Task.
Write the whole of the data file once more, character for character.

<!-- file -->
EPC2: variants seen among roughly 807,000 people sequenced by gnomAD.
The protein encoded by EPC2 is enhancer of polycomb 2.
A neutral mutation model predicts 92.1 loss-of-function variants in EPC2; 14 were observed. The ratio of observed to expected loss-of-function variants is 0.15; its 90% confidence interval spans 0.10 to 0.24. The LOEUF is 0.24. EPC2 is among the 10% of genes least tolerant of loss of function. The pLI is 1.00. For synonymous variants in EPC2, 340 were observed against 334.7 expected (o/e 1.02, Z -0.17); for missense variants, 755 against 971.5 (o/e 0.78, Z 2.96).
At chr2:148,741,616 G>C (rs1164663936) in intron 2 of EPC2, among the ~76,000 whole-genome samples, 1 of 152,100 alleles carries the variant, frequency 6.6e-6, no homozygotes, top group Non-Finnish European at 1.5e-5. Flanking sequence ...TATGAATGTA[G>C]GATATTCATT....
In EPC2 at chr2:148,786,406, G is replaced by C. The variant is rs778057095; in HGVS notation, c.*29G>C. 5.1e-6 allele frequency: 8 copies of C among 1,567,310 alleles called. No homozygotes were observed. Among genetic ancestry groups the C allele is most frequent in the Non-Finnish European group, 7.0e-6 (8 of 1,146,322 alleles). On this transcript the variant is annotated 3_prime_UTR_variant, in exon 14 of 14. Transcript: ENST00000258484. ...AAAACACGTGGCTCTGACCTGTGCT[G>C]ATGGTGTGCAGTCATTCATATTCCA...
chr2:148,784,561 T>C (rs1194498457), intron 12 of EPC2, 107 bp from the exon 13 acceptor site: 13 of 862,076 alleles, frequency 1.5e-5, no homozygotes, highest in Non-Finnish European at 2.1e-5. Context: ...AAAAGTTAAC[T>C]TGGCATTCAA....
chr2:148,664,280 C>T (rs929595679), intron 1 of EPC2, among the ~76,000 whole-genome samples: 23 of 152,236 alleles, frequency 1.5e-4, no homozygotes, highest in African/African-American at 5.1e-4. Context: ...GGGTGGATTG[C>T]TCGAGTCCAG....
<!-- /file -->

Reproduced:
EPC2: variants seen among roughly 807,000 people sequenced by gnomAD.
The protein encoded by EPC2 is enhancer of polycomb 2.
A neutral mutation model predicts 92.1 loss-of-function variants in EPC2; 14 were observed. The ratio of observed to expected loss-of-function variants is 0.15; its 90% confidence interval spans 0.10 to 0.24. The LOEUF is 0.24. EPC2 is among the 10% of genes least tolerant of loss of function. The pLI is 1.00. For synonymous variants in EPC2, 340 were observed against 334.7 expected (o/e 1.02, Z -0.17); for missense variants, 755 against 971.5 (o/e 0.78, Z 2.96).
At chr2:148,741,616 G>C (rs1164663936) in intron 2 of EPC2, among the ~76,000 whole-genome samples, 1 of 152,100 alleles carries the variant, frequency 6.6e-6, no homozygotes, top group Non-Finnish European at 1.5e-5. Flanking sequence ...TATGAATGTA[G>C]GATATTCATT....
In EPC2 at chr2:148,786,406, G is replaced by C. The variant is rs778057095; in HGVS notation, c.*29G>C. 5.1e-6 allele frequency: 8 copies of C among 1,567,310 alleles called. No homozygotes were observed. Among genetic ancestry groups the C allele is most frequent in the Non-Finnish European group, 7.0e-6 (8 of 1,146,322 alleles). On this transcript the variant is annotated 3_prime_UTR_variant, in exon 14 of 14. Transcript: ENST00000258484. ...AAAACACGTGGCTCTGACCTGTGCT[G>C]ATGGTGTGCAGTCATTCATATTCCA...
chr2:148,784,561 T>C (rs1194498457), intron 12 of EPC2, 107 bp from the exon 13 acceptor site: 13 of 862,076 alleles, frequency 1.5e-5, no homozygotes, highest in Non-Finnish European at 2.1e-5. Context: ...AAAAGTTAAC[T>C]TGGCATTCAA....
chr2:148,664,280 C>T (rs929595679), intron 1 of EPC2, among the ~76,000 whole-genome samples: 23 of 152,236 alleles, frequency 1.5e-4, no homozygotes, highest in African/African-American at 5.1e-4. Context: ...GGGTGGATTG[C>T]TCGAGTCCAG....